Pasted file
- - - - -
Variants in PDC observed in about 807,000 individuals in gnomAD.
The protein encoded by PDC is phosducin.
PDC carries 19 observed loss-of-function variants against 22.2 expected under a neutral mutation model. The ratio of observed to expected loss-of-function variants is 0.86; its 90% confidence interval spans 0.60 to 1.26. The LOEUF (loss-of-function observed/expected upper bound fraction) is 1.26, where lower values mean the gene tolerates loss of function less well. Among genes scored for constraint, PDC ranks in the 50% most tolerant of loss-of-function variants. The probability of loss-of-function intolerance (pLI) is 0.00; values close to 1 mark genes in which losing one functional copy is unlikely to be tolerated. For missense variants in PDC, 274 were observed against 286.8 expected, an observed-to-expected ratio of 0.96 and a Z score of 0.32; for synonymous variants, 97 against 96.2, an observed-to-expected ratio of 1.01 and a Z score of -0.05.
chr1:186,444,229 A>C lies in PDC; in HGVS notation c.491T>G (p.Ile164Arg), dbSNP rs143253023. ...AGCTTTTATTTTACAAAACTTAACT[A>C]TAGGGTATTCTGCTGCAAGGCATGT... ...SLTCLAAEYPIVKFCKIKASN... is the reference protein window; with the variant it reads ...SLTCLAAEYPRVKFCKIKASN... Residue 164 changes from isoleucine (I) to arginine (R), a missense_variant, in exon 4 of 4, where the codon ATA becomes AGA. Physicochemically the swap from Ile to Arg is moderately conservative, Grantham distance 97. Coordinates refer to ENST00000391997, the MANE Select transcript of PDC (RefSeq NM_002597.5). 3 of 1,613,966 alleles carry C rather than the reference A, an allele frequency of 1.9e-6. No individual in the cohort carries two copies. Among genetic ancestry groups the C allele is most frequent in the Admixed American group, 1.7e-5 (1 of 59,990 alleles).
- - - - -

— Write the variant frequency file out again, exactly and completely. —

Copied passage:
Variants in PDC observed in about 807,000 individuals in gnomAD.
The protein encoded by PDC is phosducin.
PDC carries 19 observed loss-of-function variants against 22.2 expected under a neutral mutation model. The ratio of observed to expected loss-of-function variants is 0.86; its 90% confidence interval spans 0.60 to 1.26. The LOEUF (loss-of-function observed/expected upper bound fraction) is 1.26, where lower values mean the gene tolerates loss of function less well. Among genes scored for constraint, PDC ranks in the 50% most tolerant of loss-of-function variants. The probability of loss-of-function intolerance (pLI) is 0.00; values close to 1 mark genes in which losing one functional copy is unlikely to be tolerated. For missense variants in PDC, 274 were observed against 286.8 expected, an observed-to-expected ratio of 0.96 and a Z score of 0.32; for synonymous variants, 97 against 96.2, an observed-to-expected ratio of 1.01 and a Z score of -0.05.
chr1:186,444,229 A>C lies in PDC; in HGVS notation c.491T>G (p.Ile164Arg), dbSNP rs143253023. ...AGCTTTTATTTTACAAAACTTAACT[A>C]TAGGGTATTCTGCTGCAAGGCATGT... ...SLTCLAAEYPIVKFCKIKASN... is the reference protein window; with the variant it reads ...SLTCLAAEYPRVKFCKIKASN... Residue 164 changes from isoleucine (I) to arginine (R), a missense_variant, in exon 4 of 4, where the codon ATA becomes AGA. Physicochemically the swap from Ile to Arg is moderately conservative, Grantham distance 97. Coordinates refer to ENST00000391997, the MANE Select transcript of PDC (RefSeq NM_002597.5). 3 of 1,613,966 alleles carry C rather than the reference A, an allele frequency of 1.9e-6. No individual in the cohort carries two copies. Among genetic ancestry groups the C allele is most frequent in the Admixed American group, 1.7e-5 (1 of 59,990 alleles).